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Banking & Finance

Work in progress

Released at: 06:56, 16/06/2014

Work in progress

Efforts in the bank restructuring process need to push ahead despite encouraging results being seen over the last two years.

by Thong Dat

If the amount of work already done was the sole criteria then everything looks quite promising for Vietnam’s bank restructuring process. The State Bank of Vietnam (SBV) settled nine weak banks and recently identified two more and six credit institutions in need of restructuring. Meanwhile, the Vietnam Asset Management Company (VAMC) has been established to handle non-performing loans (NPLs), which are considered a serious problem for the banking system as a whole. Impending changes also aim at inviting more foreign participation into the process. But the feeling remains that something is missing from efforts to make the country’s banks more efficient.

Progress thus far

Analysts, in general, believe that the direction Vietnam has taken to restructure its banking sector is correct. “Steps have been taken that are in line with the actual situation the economy is facing,” said Mr Vo Tri Thanh, Deputy Director of the Central Institute for Economic Management (CIEM). The very first step was taken by the SBV in assessing the actual operations, asset quality and bad loans of local banks, in order to classify them into different groups. After nine weak banks were identified - SCB, Ficombank, Tin Nghia Bank, Habubank, Tienphong Bank, GP Bank, Navibank, TrustBank and Western Bank - the SBV introduced a number of measures for the implementation of drastic restructuring plans at each.
Overall, leaders at banks considered “weak” seem fairly content with the route the SBV has chosen. Mr Vo Tan Hoang Van, General Director of SCB Bank, one of the first to carry out a restructuring process, believes the steps taken comply with a direction from the SBV and SCB, because of this, has achieved results that have contributed to stabilising the banking system and build customer confidence. “SCB has settled the entire refinancing capital of the more than VND20,000 billion ($1 billion) it borrowed from the central bank, not to mention that the bank is working towards balancing its gold status and restructuring its balance sheet towards safety and efficiency,” he said.

Another is TP Bank (formerly known as Tienphong Bank), which has posted solid results since restructuring. After its restructuring scheme was approved by the SBV in July 2012, the bank’s charter capital has increased from $142.8 million to $264.2 million and its bad debts have fallen from 6.4 per cent to 2.7 per cent.

From the perspective of an independent financial analyst, Mr Le Xuan Nghia, Director of the Business Development Institute and former Deputy Chairman of the National Financial Supervisory Committee, is in an optimistic mood two years in to the restructuring process. “The restructuring of the banking system to date can be considered pretty satisfactory,” he said, adding that the sector had restructured the most compared to the other two pillars of economic restructuring: public investment and State-owed enterprises.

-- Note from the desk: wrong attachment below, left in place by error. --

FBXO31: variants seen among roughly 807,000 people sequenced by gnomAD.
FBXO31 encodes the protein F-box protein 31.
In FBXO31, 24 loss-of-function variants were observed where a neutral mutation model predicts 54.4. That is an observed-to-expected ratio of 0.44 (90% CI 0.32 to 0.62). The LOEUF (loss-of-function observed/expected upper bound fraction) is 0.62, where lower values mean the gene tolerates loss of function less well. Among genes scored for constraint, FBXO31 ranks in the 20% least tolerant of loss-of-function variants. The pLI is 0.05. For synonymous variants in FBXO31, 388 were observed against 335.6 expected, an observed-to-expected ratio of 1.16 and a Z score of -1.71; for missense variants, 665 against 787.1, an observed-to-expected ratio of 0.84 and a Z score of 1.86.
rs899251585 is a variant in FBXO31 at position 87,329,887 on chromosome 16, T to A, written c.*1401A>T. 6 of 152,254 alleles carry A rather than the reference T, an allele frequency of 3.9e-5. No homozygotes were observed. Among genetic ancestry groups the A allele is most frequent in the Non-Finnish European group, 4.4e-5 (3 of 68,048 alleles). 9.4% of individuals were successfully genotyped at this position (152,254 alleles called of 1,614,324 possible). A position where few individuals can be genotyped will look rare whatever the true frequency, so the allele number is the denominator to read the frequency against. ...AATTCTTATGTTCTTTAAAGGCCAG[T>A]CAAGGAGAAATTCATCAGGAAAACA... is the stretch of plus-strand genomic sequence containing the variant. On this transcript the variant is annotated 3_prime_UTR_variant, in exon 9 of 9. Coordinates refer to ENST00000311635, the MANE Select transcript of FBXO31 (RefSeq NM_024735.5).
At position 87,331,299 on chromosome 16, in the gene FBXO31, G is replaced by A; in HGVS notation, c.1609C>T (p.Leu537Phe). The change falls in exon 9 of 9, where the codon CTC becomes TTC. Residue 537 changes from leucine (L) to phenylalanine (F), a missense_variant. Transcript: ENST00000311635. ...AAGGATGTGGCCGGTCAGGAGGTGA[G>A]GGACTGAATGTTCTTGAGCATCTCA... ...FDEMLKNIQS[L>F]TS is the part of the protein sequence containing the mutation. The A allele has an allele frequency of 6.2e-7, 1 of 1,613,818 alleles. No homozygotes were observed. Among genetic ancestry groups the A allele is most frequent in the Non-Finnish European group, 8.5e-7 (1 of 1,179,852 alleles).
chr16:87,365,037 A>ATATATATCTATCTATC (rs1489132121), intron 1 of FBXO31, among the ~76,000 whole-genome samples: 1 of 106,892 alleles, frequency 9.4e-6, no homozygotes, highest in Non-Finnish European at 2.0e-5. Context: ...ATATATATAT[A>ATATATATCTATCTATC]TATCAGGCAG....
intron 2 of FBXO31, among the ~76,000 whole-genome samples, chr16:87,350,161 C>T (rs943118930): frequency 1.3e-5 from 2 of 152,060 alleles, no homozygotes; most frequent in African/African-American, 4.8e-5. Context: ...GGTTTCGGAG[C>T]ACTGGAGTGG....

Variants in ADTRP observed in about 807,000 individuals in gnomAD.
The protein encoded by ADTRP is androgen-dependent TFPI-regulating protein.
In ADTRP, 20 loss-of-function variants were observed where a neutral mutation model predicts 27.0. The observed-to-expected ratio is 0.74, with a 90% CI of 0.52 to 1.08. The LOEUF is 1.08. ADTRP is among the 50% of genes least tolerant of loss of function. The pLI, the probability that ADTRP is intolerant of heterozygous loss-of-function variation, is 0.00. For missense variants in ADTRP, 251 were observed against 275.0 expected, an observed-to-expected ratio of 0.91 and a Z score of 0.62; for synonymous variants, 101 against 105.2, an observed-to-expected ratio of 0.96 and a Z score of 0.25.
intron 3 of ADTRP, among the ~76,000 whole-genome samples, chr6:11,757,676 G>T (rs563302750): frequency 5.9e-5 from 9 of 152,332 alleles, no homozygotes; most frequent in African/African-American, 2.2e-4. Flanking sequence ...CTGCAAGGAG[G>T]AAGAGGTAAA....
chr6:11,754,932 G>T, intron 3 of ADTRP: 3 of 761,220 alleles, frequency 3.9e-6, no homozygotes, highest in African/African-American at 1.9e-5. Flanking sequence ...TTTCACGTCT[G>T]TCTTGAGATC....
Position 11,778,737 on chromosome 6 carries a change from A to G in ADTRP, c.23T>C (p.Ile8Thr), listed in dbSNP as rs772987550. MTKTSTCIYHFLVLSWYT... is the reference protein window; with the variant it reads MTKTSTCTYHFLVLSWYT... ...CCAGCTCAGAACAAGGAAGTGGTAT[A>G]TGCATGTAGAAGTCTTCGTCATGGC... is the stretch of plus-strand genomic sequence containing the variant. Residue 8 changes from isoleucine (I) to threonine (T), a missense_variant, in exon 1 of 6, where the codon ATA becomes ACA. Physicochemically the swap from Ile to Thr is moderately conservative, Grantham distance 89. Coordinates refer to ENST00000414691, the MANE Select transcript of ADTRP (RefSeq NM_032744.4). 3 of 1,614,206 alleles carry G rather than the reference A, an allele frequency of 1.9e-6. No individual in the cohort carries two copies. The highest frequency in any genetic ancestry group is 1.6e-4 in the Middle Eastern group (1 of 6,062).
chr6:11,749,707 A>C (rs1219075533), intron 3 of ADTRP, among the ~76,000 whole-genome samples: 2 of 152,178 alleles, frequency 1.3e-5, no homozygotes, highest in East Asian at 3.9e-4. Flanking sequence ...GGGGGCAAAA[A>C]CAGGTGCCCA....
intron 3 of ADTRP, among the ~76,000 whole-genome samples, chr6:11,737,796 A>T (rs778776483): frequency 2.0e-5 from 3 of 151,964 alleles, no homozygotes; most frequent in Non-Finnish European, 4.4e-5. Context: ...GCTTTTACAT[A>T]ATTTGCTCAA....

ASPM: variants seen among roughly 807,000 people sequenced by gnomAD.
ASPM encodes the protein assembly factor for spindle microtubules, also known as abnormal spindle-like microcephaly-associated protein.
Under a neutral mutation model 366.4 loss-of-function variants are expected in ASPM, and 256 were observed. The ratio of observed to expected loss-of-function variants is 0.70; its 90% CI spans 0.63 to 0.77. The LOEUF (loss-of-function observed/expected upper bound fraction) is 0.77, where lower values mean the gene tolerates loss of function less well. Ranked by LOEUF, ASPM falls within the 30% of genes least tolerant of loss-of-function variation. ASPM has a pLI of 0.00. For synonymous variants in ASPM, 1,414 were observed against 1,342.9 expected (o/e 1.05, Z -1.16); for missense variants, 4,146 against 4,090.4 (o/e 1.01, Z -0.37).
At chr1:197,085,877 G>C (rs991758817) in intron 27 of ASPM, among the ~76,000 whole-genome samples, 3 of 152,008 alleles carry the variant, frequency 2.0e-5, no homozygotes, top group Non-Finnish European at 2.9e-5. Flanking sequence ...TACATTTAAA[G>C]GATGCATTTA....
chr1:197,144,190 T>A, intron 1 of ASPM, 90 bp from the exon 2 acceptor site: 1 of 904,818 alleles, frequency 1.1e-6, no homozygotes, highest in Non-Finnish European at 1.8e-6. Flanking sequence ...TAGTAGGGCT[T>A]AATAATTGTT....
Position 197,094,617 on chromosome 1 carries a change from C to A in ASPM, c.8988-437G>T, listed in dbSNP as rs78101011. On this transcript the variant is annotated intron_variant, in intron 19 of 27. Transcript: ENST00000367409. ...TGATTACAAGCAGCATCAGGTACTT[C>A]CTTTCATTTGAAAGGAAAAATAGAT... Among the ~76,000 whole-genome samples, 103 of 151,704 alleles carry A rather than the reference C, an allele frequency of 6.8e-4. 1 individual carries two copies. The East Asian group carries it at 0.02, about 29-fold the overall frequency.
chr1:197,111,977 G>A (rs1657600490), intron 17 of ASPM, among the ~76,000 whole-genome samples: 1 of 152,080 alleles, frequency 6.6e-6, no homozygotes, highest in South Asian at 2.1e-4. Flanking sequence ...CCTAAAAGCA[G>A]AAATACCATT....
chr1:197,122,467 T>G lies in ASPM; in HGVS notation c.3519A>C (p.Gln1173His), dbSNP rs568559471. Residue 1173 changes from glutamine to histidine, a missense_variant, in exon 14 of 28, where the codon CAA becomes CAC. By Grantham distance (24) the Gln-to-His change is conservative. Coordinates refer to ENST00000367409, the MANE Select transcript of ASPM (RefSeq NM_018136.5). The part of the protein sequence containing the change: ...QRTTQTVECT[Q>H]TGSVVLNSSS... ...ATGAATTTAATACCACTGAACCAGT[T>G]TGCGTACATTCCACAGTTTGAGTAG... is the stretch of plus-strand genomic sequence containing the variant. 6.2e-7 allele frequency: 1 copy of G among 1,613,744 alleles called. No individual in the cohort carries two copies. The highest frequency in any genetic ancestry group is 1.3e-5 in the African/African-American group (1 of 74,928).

After two years of drastic restructuring, financial capacity at banks has seen improvement while the safety of the banking system as a whole has been bolstered. At the very least, nine of the weakest banks have determined how best to move forward and the SBV, bank shareholders and customers now can let out of sigh of relief that danger has passed, though it is still too early to say whether these banks will develop strongly in the future. “The compulsory restructuring of nine weak lenders has eliminated the risk that they posed to liquidity in the system,” Mr Nghia noted.

Considering the anticipated outcome from restructuring for the 2011-2013 period, Mr Nguyen Duc Huong, Deputy Chairman of Lien Viet Post Bank, believes the most important thing is that the possibility of the banking system collapsing is now zero. However, remaking and modernising the operations of local banks and establishing a strong banking system are major undertakings that will inevitably take time to fully implement. “Banks, after merger and acquisition (M&A) activities, often see a big jump in scale and total assets but I have yet to see much improvement in terms of financial supervision and corporate management,” he said. He also believes that the restructuring process can only work if M&A activities create a real difference in the newly-established entities.